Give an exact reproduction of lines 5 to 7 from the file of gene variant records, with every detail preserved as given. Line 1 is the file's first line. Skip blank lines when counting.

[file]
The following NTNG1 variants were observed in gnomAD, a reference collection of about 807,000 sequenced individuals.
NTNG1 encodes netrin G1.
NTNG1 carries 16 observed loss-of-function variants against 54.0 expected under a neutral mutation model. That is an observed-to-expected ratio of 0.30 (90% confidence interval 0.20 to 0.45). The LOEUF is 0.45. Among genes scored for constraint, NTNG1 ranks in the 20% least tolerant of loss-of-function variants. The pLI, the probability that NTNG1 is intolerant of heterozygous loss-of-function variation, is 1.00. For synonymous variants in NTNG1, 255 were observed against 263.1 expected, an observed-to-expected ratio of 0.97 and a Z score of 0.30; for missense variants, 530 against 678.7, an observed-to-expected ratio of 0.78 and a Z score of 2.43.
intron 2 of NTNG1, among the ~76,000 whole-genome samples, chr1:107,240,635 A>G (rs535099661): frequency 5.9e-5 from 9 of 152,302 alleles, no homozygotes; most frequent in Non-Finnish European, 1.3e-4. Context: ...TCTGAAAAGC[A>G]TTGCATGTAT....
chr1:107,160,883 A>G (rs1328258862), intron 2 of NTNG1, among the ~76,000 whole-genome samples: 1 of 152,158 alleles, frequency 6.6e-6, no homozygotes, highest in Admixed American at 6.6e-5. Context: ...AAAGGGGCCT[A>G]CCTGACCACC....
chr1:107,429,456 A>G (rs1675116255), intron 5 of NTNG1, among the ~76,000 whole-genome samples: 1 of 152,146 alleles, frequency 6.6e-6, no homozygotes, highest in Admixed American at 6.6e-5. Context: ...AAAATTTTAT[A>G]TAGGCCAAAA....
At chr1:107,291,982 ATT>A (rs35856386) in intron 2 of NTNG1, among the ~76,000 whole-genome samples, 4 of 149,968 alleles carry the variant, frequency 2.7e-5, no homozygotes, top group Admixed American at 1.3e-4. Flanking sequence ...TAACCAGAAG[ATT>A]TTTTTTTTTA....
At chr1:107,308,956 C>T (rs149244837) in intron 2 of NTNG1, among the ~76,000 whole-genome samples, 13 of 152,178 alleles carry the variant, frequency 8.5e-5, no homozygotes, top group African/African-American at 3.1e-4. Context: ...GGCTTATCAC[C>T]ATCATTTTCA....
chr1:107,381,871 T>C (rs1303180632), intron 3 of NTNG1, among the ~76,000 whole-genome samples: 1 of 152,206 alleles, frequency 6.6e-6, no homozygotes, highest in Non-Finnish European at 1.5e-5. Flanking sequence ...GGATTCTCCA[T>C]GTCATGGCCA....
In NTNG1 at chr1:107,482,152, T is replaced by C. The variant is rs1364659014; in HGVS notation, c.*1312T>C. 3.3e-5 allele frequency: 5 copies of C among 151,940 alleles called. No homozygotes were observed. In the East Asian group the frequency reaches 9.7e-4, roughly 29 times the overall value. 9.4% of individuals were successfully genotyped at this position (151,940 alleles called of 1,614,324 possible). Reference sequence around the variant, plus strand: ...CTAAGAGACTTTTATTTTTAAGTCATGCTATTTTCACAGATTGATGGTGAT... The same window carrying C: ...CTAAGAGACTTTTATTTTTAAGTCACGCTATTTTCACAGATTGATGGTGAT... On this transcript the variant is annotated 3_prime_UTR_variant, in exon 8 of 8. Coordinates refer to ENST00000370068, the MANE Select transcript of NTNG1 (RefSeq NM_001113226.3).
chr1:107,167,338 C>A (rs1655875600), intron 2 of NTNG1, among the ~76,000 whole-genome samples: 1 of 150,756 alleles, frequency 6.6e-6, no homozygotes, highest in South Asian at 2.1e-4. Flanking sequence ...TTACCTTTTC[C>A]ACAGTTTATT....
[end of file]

chr1:107,160,883 A>G (rs1328258862), intron 2 of NTNG1, among the ~76,000 whole-genome samples: 1 of 152,158 alleles, frequency 6.6e-6, no homozygotes, highest in Admixed American at 6.6e-5. Context: ...AAAGGGGCCT[A>G]CCTGACCACC....
chr1:107,429,456 A>G (rs1675116255), intron 5 of NTNG1, among the ~76,000 whole-genome samples: 1 of 152,146 alleles, frequency 6.6e-6, no homozygotes, highest in Admixed American at 6.6e-5. Context: ...AAAATTTTAT[A>G]TAGGCCAAAA....
At chr1:107,291,982 ATT>A (rs35856386) in intron 2 of NTNG1, among the ~76,000 whole-genome samples, 4 of 149,968 alleles carry the variant, frequency 2.7e-5, no homozygotes, top group Admixed American at 1.3e-4. Flanking sequence ...TAACCAGAAG[ATT>A]TTTTTTTTTA....